- The State Board of Elections is seeking up to $4.5 million from the General Assembly in order to match $22.5 million in federal grants.
- The General Assembly should exercise oversight of the elections board, both in how it spends the grant money and in how the board’s executive director plans to exercise emergency powers during the 2020 general election.
Here is a question: What was the first thing Karen Brinson Bell, executive director of the NC State Board of Elections (SBE), asked for in her April 29 memo to the General Assembly?
Here is another question: What was the second thing Brinson Bell asked for in her April 29 memo to the General Assembly?
Even more money.
Board of Election’s wants matching funds
At the top of Brinson Bell’s wish list was federal funding for election management. There are two pots of federal money that the SBE is trying to get, both of which require state matching funds.
The first pot of federal money is through the Help America Vote Act (HAVA) of 2002. President Donald Trump signed an appropriation act last December that included hundreds of millions of dollars to “improve the administration of elections for Federal office, including to enhance technology and make election security improvements.” The U.S. Election Assistance Commission (EAC) states that the North Carolina government will have to appropriate $2,324,962 in matching funds in order for the SBE to get $11,624,810 in federal funds.
The second pot of federal money is from the recently passed CARES Act. North Carolina will have to provide $2,179,459 in matching funds in order to secure $10,897,295 in federal funds. However, not all of the state matching funds will have to come from a specific appropriation from the General Assembly; the EAC provides several ways that states can also “meet the matching requirements with allowable costs within the agency’s existing budget.” That means part of the matching funds can come from state and local money already budgeted for elections.
The General Assembly should exercise oversight of the SBE’s spending
There is no question that the SBE and county boards of elections will face increased expenses, perhaps greatly increased expenses, to conduct the general election this November. Securing federal funding by providing state matching funds makes sense.
However, the General Assembly should also exercise its normal oversight function over how the SBE conducts the election. First, they should demand a more detailed budget than Brinson Bell provided in her April 29 memo to the General Assembly. Given how fluid the situation is, it is probably too much to expect a finely tuned accounting of expected expenses right now, but the SBE should at least commit to providing more details over the next several weeks than the seven bullet points in the memo.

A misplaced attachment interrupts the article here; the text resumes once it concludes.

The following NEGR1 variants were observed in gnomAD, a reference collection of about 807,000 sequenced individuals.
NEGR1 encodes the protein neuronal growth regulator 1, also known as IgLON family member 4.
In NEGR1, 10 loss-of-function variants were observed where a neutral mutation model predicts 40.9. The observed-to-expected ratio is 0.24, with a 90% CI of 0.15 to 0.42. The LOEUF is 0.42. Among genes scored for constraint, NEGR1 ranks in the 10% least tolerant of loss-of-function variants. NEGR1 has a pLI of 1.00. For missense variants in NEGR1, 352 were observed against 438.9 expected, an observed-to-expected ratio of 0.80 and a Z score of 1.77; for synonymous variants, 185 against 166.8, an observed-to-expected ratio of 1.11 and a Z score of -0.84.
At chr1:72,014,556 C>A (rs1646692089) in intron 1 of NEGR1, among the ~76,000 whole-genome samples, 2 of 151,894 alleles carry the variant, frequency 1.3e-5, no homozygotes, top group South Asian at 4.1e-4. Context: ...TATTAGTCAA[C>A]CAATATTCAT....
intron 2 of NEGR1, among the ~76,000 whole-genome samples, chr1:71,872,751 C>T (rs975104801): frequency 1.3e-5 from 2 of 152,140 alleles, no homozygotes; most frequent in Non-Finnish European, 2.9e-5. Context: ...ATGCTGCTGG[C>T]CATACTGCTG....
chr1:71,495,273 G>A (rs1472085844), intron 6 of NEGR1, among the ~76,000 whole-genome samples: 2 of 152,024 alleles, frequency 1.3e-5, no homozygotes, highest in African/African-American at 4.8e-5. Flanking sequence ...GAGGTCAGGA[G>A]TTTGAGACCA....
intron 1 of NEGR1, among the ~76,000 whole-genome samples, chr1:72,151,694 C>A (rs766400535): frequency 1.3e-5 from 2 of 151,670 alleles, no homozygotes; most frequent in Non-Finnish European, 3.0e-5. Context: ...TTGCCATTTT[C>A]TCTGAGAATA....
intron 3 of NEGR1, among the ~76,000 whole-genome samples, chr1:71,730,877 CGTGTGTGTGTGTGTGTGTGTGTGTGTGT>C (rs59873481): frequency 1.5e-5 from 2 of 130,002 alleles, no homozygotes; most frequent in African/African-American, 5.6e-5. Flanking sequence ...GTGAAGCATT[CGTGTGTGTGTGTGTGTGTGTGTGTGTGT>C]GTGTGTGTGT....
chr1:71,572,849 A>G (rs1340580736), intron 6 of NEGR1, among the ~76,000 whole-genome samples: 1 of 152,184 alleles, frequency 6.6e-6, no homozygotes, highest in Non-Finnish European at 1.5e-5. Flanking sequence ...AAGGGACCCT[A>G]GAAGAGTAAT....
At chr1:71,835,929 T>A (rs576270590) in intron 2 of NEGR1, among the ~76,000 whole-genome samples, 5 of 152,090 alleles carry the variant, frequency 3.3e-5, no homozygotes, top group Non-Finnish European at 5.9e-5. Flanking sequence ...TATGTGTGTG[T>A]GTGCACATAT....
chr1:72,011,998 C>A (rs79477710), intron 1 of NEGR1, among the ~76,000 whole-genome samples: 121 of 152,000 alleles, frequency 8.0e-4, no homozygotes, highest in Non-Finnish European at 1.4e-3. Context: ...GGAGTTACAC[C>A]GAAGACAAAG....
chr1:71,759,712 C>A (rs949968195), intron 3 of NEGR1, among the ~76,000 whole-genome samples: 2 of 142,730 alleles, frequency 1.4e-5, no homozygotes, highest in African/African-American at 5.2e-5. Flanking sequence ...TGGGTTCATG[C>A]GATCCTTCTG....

The SBE should also work up an estimate of how much of the CARES Act matching funds can come from already budgeted funds rather than a new granting of money from the General Assembly. With the increased expenses and decreased revenues, the state government will be facing this year, it will need to find savings anywhere it can.
The General Assembly should exercise oversight of the SBE executive director’s emergency powers
The General Assembly should also exercise its normal oversight function over how Brinson Bell uses her newly expanded emergency powers.
On March 20, the SBE changed the emergency powers the executive director already had in “determining whether the ‘normal schedule,’ for the election has been disrupted” to include emergencies declared due to disease epidemic. The first thing Brinson Bell did with her new power was to move the 11th Congressional District second primary from May 12 to June 23.
The executive director can also use emergency powers to alter voting hours, as was done in counties affected by Hurricane Dorian during the 3rd Congressional District special election in 2019.
Under North Carolina law, counties must normally operate all early “one-stop” voting locations from on the same days and for the same hours (except for the county board of elections office). That assures that election officials cannot set voting hours to give some voters more opportunity to vote than others. Brinson Bell made clear in her March 26 memo (page 5) to the General Assembly that she would like to allow county boards to set differing hours for early voting sites. The General Assembly should, and likely will, reject that request.
We do not know if Gov. Roy Cooper will maintain the coronavirus emergency declaration through the fall even as the state slowly reopens, so it is possible that Brinson Bell may be tempted to use her powers to get by fiat what she could not get by persuasion.
Part of the regulations providing emergency powers to the SBE executive director note that she must consider (page 2) “sufficiency of time remaining for the General Assembly and the Governor to adopt emergency legislation addressing the disruption.” If she asked for the change in March based on the coronavirus emergency declaration, that should certainly be considered sufficient time under the law and prevent Bell from acting unilaterally to alter early voting hours due to the coronavirus. The General Assembly should make the SBE publicly commit to that position.
As the General Assembly works to make sure North Carolina can conduct a free and fair election this fall, members should articulate the limits of the SBE executive director’s emergency powers.
What you can do: You can help North Carolina’s elections go smoothly by volunteering to be an election official or working to help people vote absentee. The SBE has links to volunteer opportunities with your local county board of elections. You can also submit a public comment to the NC House Select Committee on COVID-19 to let them know you support keeping early voting hours equal.